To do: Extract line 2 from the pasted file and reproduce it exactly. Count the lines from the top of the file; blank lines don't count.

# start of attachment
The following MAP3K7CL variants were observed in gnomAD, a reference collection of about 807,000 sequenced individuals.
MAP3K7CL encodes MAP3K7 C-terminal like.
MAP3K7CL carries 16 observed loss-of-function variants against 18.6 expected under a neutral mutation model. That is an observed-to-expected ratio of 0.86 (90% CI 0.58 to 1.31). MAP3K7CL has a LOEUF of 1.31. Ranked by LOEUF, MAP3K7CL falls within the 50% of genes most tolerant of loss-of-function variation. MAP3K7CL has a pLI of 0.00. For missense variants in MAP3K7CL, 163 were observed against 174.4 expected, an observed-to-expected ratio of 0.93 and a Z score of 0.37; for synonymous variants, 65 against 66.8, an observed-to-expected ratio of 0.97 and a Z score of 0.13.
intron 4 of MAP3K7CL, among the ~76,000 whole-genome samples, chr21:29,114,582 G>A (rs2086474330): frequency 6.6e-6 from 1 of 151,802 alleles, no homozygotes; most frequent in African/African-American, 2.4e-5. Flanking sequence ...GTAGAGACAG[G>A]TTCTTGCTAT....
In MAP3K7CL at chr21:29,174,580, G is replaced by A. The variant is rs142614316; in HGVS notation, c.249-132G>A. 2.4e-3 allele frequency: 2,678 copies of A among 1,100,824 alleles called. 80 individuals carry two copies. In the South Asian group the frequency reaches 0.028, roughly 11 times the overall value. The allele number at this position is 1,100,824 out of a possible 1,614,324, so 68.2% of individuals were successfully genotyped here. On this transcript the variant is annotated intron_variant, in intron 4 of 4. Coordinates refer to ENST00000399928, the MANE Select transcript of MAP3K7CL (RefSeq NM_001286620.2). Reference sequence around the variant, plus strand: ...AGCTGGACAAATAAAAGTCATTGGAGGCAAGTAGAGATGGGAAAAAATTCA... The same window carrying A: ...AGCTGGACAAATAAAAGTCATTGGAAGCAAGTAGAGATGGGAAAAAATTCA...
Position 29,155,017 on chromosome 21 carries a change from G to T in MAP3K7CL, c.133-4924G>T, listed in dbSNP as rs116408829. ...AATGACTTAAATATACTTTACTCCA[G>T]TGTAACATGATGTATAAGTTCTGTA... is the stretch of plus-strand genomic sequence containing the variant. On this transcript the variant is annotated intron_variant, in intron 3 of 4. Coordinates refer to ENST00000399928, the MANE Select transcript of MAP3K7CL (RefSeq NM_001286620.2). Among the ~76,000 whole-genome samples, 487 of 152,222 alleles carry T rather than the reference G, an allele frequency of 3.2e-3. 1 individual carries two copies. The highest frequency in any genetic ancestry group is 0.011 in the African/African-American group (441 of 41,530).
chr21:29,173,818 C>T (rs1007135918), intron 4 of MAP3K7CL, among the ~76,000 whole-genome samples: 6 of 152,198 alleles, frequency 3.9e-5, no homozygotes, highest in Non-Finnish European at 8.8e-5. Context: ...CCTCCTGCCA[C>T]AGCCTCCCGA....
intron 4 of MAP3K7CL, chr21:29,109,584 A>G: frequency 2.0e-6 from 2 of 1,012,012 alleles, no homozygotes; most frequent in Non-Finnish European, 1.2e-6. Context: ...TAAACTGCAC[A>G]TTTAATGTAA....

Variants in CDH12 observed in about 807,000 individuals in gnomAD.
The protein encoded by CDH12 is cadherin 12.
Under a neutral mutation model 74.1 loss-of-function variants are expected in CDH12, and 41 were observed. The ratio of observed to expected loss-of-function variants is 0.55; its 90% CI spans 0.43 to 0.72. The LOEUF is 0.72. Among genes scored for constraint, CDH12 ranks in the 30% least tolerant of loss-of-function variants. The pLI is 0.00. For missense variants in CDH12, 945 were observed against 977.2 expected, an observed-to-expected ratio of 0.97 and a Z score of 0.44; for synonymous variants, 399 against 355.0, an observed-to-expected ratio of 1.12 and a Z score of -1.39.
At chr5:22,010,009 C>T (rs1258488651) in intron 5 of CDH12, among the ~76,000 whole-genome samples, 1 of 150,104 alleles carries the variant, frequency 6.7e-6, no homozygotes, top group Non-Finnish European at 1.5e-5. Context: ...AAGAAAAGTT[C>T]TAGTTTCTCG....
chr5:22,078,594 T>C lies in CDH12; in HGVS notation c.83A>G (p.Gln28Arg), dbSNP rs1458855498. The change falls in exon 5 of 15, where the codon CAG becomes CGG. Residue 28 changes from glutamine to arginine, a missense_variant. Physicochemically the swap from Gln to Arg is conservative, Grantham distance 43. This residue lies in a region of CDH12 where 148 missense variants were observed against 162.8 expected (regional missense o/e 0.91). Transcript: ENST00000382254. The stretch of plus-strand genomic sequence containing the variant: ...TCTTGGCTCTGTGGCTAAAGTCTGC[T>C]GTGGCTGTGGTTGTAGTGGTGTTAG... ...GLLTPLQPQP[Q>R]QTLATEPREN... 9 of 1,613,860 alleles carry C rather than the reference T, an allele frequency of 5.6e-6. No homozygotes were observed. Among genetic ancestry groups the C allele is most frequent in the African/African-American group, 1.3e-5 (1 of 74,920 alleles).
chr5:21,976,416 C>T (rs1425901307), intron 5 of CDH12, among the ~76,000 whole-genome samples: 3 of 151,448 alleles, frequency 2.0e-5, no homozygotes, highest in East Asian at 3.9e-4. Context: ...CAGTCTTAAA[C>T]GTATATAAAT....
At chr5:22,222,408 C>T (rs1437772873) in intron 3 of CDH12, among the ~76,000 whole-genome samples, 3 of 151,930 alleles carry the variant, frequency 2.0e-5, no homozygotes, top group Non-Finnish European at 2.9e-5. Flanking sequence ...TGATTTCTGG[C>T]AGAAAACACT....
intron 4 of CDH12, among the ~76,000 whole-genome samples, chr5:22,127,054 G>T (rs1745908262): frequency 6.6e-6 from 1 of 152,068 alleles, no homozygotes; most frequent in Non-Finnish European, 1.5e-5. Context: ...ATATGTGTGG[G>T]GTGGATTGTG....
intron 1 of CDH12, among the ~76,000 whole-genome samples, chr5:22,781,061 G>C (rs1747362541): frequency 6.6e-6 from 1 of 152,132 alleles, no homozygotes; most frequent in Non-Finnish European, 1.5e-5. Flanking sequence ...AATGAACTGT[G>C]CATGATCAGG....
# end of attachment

MAP3K7CL encodes MAP3K7 C-terminal like.